One of my favorite books is Antifragile by Nassim Taleb where the author talks about things that gain from disorder. Nacim introduces the concept of antifragility which is similar to hormesis in biology or creative destruction in economics and analyzes its characteristics in great details. If you find this topic interesting, there are also other authors who have examined the same phenomenon in different industries such as Gary Hamel, C. S. Holling, and Jan Husdal.
The concept of antifragile is the opposite of fragile. A fragile thing such as a package of wine glasses is easily broken when dropped, but an antifragile object would benefit from such stress. So rather than marking such a box with "Handle with Care," it would be labelled "Please Mishandle" and the wine would get better with each drop (would be awesome wouldn't it?).
It didn't take long for the concept of antifragility to be used for describing some of the software development principles and architectural styles. Some would say that SOLID principles are antifragile, some would say that microservices are antifragile, and some would say software systems cannot be antifragile ever. This article is my take on the subject. According to Taleb, fragility, robustness, resilience, and antifragility are all very different. Fragility involves loss and penalization from disorder. Robustness is enduring stress with no harm nor gain. Resilience involves adapting to stress and staying the same. And, antifragility involves gain and benefit from disorder. If we try to relate these concepts and their characteristics to software systems, one way to define them would be as the following.
Different systems are affected by different kind of disorder, such as stress, time, change, volatility, debt, etc. For software systems, the main disorder is the change. The business is in a constant changing environment and the software needs to adapt to the business needs quickly. That is implementing new requirements, changes to existing functionality, even creating new business opportunities through innovation. A software system has to change all the time, otherwise it is obsolete. Apart from development time challenges, there are also runtime challenges for software systems too. Software systems are created and exist to add value by running in a production environment. And while doing so, they are under stress by end users and other systems. This is another kind of disorder that software systems have to deal with.
This property describes systems that suffer when put under stress. Imagine a software project that is not easy to change at development time. For example, if it is not easy to extend, modify, and deploy to the production environment. Or, a system that is not able to handle unexpected user inputs or external system failures and breaks easily. That's is a fragile system that is harmed by stress and penalized by change—a good example of fragile.
This is a system that can continue functioning in the presence of internal and external challenges without adaptation. Every system is robust up to a level. For example, a bottle is robust until it reaches the level of breaking point. A software system can be made robust to handle unanticipated user input or failures in external systems. For example, handling NPE in Java, using try-catch-finally statements to handle unreliable invocations, having a thread pool to handle concurrent users, creating network connections using timeouts, are all examples of robustness for a software system. But a robust system doesn't adapt to a chaining environment and when the stress and change threshold is reached it would break. The qualities that define the robustness vary from system to system. An ATM, for example, needs to be robust and not fail in the middle of a transaction, whereas, a media streaming service can drop a frame or two, as long as it continues streaming under stress.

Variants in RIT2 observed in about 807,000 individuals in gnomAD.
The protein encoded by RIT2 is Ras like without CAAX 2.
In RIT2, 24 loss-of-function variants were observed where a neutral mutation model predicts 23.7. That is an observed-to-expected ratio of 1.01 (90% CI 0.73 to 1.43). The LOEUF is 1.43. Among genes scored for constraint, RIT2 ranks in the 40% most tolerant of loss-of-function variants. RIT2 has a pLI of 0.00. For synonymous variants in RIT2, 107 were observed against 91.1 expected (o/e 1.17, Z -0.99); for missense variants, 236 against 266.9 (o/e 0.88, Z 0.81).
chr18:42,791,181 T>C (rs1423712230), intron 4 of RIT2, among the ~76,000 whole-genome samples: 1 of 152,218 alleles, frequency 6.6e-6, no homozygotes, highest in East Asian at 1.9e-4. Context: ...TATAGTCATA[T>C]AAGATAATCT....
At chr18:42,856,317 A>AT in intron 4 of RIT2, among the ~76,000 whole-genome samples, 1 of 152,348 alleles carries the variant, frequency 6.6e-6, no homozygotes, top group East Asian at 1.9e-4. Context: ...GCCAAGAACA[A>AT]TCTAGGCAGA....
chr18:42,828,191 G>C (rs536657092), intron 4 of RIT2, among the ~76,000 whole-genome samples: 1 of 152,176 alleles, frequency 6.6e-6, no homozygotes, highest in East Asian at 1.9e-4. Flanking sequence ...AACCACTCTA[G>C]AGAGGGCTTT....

A system is resilient when it can adapt to internal and external challenges by changing its method of operation. The key here is that the system is responding to stress by changing its internal behaviour rather than resisting stress with a predefined buffer.
- A typical example here is the circuit breaker pattern which changes its internal state to adapt to the external system behaviour to protect itself.
- Another example would be using a retry mechanism with some backoff algorithm to handle transient failures in external systems.
- A different technique for creating resilient systems is through graceful degradation, both on the UI and the server side. Rendering UI based on the user agent capabilities, or failing fast on the server side and fallback to some default values are commonly used techniques to adapt to failures.
- Systems with self-healing and auto-repair capabilities are another example of resiliency. These systems are self-aware and can detect abnormalities and take corrective actions. For example, Kubernetes/OpenShift will perform regular liveness checks for the running Docker containers and, if they detect any anomalies, they will restart the container and perform necessary backoffs until the application stabilizes. This is another mechanism to cope with stress and improve application resilience.
Before looking at the next level of software evolution—the antifragile systems, let's visualize and summarize different kinds of software system characteristics.
- A fragile system is difficult to modify and cannot cope with a changing environment. Even if it provides some value when used in a stable non-changing environment, when faced with further stress and change, it quickly turns into a liability. Many organizations have applications (mainframes, for example) which are impossible to change, very expensive to maintain, but still running on high cost as they are very critical to the business.